Animal feed demand still sluggish while malting starts strongly: Grain market daily

Thursday, 28 September 2023

Market commentary

  • Paris wheat futures for Dec-23 gained €0.75/t yesterday to close at €241.00/t, as the market considers exports from the Black Sea. Egypt bought 170 Kt of European wheat, including 120 Kt of Romanian and 50Kt of Bulgarian wheat, in a tender yesterday. Although European wheat was the most competitive yesterday, Russian wheat is reported to be more competitive away from official tenders. This, and a fall in Chicago wheat futures, limited gains.
  • Nov-23 UK feed wheat futures fell £0.75/t to £192.00/t, likely linked to sterling lifting against the euro. Yesterday £1 was worth €1.1519, up from the four and a half months low of €1.1492 on Tuesday (European Central Bank).
  • Paris rapeseed futures for Nov-23 rose €11.50/t to €452.25/t, buoyed by a rise in Canada’s Winnipeg canola futures.
  • Farmers in England grew 210.6 Kha of field beans in 2023, data from Defra showed this morning. This is 1.2% larger than 2022 and the largest area in electronic records back to 1983. The area of peas for dry harvesting also expanded 6.5% year-on-year to 60.3 Kha but is still smaller than 2021 (60.4 Kha). It’s also worth noting there’s a relatively wide confidence interval for peas (+/- 9.0 Kha), meaning there is more uncertainty over the figure.

Animal feed demand still sluggish while malting starts strongly

Demand for grains from the compound animal feed sector, including Integrated Poultry Units (IPUs), started this season (2023/24) sluggishly, just as it ended last season.

However, more barley was used to make compound feed in July and August than the same period last season. Meanwhile, demand for barley from brewers, maltsters, and distillers (BMDs) has started the season strongly. Depending on the UK crop size, if these trends continue, they could squeeze the UK’s barley availability for export.

Poultry pecking down animal feed demand

The total amount of animal feed produced by GB compounders and IPUs across the UK in August was the lowest since 2015.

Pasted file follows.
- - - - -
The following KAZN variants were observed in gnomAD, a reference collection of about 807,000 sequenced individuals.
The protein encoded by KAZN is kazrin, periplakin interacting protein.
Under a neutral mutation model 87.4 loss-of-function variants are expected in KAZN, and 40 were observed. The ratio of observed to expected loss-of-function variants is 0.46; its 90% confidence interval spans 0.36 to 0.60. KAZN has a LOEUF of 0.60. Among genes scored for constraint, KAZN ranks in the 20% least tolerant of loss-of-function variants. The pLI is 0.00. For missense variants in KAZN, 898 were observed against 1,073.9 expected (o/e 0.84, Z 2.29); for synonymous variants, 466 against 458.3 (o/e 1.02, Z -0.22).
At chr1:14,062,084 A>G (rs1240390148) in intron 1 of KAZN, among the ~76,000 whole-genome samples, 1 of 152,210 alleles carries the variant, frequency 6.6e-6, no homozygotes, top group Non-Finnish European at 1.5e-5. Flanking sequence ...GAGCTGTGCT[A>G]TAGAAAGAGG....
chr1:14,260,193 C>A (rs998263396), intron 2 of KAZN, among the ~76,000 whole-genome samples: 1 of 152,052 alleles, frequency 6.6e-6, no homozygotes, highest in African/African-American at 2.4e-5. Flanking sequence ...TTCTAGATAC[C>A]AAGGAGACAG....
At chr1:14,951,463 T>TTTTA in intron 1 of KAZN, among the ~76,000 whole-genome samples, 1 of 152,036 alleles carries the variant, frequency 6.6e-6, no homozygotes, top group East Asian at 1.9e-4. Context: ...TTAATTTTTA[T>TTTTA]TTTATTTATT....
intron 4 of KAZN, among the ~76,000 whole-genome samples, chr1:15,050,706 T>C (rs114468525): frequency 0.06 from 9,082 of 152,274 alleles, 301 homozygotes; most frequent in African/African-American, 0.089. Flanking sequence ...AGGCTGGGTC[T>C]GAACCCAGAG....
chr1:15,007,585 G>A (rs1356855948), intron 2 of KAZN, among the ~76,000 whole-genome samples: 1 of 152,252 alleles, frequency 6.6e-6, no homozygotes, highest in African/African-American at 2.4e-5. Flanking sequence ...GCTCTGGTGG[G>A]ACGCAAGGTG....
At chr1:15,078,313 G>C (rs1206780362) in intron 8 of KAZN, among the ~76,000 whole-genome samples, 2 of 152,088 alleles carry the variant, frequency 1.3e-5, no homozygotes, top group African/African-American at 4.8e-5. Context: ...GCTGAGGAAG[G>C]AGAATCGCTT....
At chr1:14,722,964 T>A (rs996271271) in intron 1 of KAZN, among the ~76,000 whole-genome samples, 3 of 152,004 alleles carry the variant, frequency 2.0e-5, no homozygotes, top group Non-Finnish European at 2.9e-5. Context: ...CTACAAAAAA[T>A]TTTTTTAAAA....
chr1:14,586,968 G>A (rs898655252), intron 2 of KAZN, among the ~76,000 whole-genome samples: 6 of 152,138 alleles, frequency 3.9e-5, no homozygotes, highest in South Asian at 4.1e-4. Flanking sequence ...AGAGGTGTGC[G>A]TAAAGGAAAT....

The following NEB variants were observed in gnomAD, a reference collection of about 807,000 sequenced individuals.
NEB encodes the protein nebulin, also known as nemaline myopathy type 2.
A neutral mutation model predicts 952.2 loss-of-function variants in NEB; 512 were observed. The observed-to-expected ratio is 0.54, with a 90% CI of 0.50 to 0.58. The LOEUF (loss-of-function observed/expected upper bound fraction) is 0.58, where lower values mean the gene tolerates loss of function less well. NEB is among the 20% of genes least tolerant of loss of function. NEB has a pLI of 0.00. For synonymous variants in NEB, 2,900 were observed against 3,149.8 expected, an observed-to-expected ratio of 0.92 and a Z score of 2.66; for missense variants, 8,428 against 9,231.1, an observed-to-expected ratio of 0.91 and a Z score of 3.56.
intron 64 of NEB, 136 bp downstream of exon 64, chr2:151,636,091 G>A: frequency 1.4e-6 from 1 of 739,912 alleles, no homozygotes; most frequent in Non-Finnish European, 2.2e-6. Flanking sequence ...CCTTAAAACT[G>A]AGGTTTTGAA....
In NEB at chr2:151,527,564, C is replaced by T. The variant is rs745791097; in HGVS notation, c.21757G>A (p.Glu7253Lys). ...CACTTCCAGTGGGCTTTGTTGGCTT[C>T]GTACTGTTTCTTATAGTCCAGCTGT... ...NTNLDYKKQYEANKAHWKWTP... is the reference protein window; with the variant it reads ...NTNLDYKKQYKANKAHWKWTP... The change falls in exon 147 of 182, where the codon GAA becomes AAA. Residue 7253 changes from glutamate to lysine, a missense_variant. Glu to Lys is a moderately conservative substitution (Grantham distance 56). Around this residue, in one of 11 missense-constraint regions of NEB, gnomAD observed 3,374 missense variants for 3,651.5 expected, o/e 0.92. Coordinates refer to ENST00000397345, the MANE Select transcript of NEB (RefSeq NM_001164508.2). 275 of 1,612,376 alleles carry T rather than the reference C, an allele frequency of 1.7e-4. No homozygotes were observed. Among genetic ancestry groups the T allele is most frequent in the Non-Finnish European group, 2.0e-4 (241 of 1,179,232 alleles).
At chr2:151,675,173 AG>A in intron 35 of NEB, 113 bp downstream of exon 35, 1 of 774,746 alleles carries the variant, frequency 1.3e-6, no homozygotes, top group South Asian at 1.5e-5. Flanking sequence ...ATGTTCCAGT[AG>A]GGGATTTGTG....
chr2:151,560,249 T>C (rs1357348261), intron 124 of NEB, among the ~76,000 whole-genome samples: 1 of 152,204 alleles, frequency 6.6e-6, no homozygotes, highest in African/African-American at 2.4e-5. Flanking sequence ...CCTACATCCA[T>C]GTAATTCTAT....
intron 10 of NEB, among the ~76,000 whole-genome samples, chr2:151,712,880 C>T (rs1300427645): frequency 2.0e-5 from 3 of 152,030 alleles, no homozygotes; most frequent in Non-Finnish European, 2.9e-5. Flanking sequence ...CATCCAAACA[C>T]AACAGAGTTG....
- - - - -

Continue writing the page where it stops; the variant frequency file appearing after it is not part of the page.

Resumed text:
The total for the season so far (July and August) is comparable to the first two months of last season (2022/23). But we’ll need to monitor to see if the trend of lower demand continues, and the total falls below last season.

Pulling down the total in August 2023 particularly, is a drop in the production of poultry feed, which dropped to a ten-year low for the month. Defra reports that UK turkey poult placing in August were the lowest for the month since at least the mid-1990s. In addition, layer chick placings slipped back below the five-year average in July and August. View more on this data on Defra’s website here.

  Chart showing poultry feed production in 2022/23 and 2023/24 

Production of pig feed also remains well below last season so far, which in unsurprising given the pig herd is the smallest in over a decade. There is potential for some gradual recovery in pig numbers if margins remain positive, though this will partly depend on how grain and oilseed prices evolve.

Barley feed demand up so far

Animal feed makes up 54% of total grain demand in the UK (five-season average) so the trends have a big impact on average UK supply and demand.

So far this season (July and August), barley is accounting for a bigger proportion of the grain being used to make animal feed (combined GB compounders and IPUs). This continues the pattern from the end of last season (2022/23) and may reflect the timing of the 2023 harvest.

Chart showing grains used in the production of compound animal feed

Wheat inclusions started strongly in July but eased back a bit in August, while oat usage by GB compounders is sharply down again year-on-year, from the highs in 2021/22.

A key area to watch is maize. In July and August GB compounders used less maize than in the first two months of the 2022/23 season, however could this change? The world is forecast to harvest a very large maize crop this season. Once 2023 maize crops become available for export, could more find its way into UK rations?

Strong start to season for malting demand

Demand for malting barley started this season strongly, even more so that last season’s strong usage levels. The amount of barley used by BMDs was up 7% year-on-year in August and 4% above the five-year average for the month.

Chart showing barley used by brewers, maltsters and distillers in 2023/24

In 2022/23 the total amount of barley used by the human and industrial sectors totalled 1.98 Mt, the highest in our electronic records back to 1999/00.  While there’s still a long way to go, if the strong start to demand by BMDs continues, it raises the prospect of could demand surpass 2022/23?  Supporting this prospects is that capacity increases are now online. However, the rise in spot malting barley prices due to the wet harvests across Europe and tight global barley supplies means it’s not certain.

Less home-grown wheat milled in August

Total usage of wheat by UK flour millers (including for starch and bioethanol production) dropped 22 Kt between July and August to 507 Kt. The August total is still above last year and the five-year average for August, but to a lesser extent than in July.

Most of the monthly decline is home-grown wheat, which is not surprising given the later harvest this year. We’ll need to see if the trend continues now that harvest is all-but concluded and as imports of wheat slowed in July.

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